Part One: The Mythological and Psychological Background
Southern trees bear strange fruit
Blood on the leaves and blood at the root
Black bodies swinging in the southern breeze
Strange fruit hanging from the poplar trees… – Billy Holiday
From the perspective of those who have been forced to bear the projection of American Dionysus, the subtext of almost all of our pressing domestic issues is America’s original sin, its fatal flaw – race. Let me state my opinion as clearly as I can: from the perspective of the myth of American innocence, any social, economic or political commentary that does not begin by acknowledging this fact upfront is either hopelessly ignorant or deliberately complicit with the aims of the empire.
America has had countless scapegoats, but why are we periodically compelled to lynch only one of them? After 350 years of mythic instruction, popular thinking among white people remains polarized along racial lines: civilized vs. primitive, abstinence vs. promiscuity and sobriety vs. intoxication. These pairs of opposites are all forms of a more fundamental opposition between composure and impulsivity (or mythologically, between Apollo and Dionysus).
The worst of all sins to the Puritan is lack of self-control. Even though studies consistently show that similar percentages of whites and blacks engage in sex, drugs and violence, whites still believe the old stereotypes that blacks are more susceptible to such “vices.” This allows whites, wrote Ralph Ellison, “…to be at home in the vast unknown world of America.”
Othering is not logical. As with archetypes, when one pole of a stereotype is active, so is its opposite. Even as they perceive blacks as unable to control their desires, large majorities of whites still accuse them of the Puritan’s second worst sin, laziness. Two thirds say that the problems suffered by blacks are due to their preference for welfare over work. This is an odd claim, writes Tim Wise, “…seeing as how five out of six blacks don’t receive any.”
As always, our mythic narratives (which include such stereotypes) are stories we tell ourselves about ourselves. The next step in scapegoating is manipulating the fear that those who can’t control their desires will tempt us to follow them, that we (middle-class whites) might not be able to resist temptation.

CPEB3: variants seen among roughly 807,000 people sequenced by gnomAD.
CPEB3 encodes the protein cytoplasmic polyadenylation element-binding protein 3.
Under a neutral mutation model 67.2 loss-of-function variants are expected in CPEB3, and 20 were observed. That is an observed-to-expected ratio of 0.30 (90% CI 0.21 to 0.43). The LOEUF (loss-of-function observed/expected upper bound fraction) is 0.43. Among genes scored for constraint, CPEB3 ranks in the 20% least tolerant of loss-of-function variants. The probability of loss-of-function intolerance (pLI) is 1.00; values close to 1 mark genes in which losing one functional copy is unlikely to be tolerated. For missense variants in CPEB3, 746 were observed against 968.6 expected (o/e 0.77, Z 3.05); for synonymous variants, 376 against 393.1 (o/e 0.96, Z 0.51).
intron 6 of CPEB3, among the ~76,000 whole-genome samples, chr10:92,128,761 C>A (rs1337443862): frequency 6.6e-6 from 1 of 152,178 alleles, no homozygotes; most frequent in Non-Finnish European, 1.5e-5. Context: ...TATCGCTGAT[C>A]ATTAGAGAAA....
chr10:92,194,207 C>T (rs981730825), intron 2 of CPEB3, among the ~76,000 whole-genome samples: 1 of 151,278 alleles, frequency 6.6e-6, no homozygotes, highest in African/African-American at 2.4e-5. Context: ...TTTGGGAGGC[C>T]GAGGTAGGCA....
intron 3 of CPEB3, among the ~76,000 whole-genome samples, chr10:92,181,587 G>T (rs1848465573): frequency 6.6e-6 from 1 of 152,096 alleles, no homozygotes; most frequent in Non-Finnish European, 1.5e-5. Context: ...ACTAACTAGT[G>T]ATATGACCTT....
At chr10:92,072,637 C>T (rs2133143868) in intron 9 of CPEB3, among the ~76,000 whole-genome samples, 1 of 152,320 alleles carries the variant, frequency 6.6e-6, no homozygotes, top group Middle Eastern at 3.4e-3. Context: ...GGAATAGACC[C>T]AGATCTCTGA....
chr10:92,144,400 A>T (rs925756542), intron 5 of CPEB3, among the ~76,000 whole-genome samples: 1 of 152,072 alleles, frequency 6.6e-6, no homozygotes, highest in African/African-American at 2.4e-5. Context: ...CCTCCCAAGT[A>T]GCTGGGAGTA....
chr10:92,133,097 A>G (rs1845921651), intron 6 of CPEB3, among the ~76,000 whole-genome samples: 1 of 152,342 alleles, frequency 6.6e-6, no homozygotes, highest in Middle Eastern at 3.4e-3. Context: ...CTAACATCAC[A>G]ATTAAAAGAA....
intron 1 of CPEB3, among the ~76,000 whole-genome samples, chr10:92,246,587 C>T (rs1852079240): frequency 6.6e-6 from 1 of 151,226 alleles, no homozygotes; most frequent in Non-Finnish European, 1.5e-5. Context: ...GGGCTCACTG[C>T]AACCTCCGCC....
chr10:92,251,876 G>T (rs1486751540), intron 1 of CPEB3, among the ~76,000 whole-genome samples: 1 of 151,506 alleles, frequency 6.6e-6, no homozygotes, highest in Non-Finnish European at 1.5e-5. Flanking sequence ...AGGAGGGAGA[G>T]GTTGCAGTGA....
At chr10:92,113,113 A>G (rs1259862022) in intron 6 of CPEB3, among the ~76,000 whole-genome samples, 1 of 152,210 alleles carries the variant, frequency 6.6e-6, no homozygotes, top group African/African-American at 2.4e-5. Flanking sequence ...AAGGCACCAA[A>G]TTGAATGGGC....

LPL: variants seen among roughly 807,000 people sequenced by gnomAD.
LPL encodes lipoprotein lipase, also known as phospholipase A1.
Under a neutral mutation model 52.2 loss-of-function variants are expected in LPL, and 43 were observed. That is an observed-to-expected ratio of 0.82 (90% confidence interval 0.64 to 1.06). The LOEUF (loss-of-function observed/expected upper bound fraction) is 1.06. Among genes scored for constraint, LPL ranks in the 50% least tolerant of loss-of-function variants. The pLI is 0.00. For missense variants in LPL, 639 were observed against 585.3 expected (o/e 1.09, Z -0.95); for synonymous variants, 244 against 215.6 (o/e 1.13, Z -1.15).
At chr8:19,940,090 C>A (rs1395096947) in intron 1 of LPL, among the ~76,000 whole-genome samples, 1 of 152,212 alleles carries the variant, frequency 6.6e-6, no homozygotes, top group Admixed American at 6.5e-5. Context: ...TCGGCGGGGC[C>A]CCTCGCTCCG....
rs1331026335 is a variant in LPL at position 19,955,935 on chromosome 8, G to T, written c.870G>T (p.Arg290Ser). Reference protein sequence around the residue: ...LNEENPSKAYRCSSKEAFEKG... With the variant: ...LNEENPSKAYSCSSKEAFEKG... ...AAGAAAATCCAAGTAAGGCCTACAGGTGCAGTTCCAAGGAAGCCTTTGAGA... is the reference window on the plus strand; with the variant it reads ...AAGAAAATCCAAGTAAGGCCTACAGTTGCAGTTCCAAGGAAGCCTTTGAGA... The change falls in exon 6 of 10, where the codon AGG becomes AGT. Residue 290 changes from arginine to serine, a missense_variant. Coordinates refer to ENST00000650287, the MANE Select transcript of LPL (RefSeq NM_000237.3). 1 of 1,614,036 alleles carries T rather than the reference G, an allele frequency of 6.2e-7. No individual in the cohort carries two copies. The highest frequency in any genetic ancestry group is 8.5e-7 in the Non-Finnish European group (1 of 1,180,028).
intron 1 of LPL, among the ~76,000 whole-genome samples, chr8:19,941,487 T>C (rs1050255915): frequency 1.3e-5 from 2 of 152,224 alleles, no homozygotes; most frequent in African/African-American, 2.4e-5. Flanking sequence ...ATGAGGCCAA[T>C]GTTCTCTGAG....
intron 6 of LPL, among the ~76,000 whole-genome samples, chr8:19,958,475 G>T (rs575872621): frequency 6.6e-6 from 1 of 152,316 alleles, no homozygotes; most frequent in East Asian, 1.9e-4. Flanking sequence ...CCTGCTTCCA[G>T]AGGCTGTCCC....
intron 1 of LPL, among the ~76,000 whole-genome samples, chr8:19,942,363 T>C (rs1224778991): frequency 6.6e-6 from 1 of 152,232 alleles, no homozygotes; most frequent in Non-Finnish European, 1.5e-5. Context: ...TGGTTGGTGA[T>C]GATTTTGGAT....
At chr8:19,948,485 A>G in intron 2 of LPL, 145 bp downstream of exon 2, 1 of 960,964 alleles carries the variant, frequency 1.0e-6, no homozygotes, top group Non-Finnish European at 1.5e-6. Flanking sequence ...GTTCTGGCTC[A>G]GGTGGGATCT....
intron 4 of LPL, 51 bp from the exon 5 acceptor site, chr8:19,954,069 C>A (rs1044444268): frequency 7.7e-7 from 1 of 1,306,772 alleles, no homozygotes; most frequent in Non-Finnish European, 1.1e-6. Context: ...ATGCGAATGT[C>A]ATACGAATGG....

What does this fear of temptation say about white people? It implies that our carefully constructed veneers of innocence, progress, racial superiority, masculinity and self-control are eggshell-thin. At a deeper level, it implies envy of those whom the dominant culture has designated as more childlike and more in touch with the needs of their bodies. And envy points toward something even deeper, the unconscious desire for healing.
But healing, as something beyond simplistic notions of regeneration, as initiation into self-knowledge, implies the death of what no longer works. The soul desires this more than anything; and the soul fears this more than anything. And this is precisely why, all across the world, the indigenous imagination has given us stories about figures such as Dionysus.
The black man is America’s modern Dionysus. Like the enigmatic outsider of The Bacchae, he comes from beyond the gates to liberate the women, to lead them to the mountains to dance among themselves, free of patriarchal control. Like that other outsider, the Pied Piper, he threatens to lead the children away…
Whites project the stereotyped characteristics of American Dionysus upon blacks because the heritage of Puritanism does not allow them to fully embody those characteristics themselves. But – we must say this repeatedly – just below the negative judgments and hatred lies envy of those who appear to be comfortable in their bodies and unrestrained in their desires.
In a culture that elevates the dry, masculine, Apollonian virtues of spirit over the wet, feminine and Dionysian, African Americans proudly use the word soul to define their music and culture in contrast to the dominant religious and cultural values. For several generations, white youth have understood the term instinctively. And their parents have reacted accordingly, with fear and discipline.
Read Part Two here.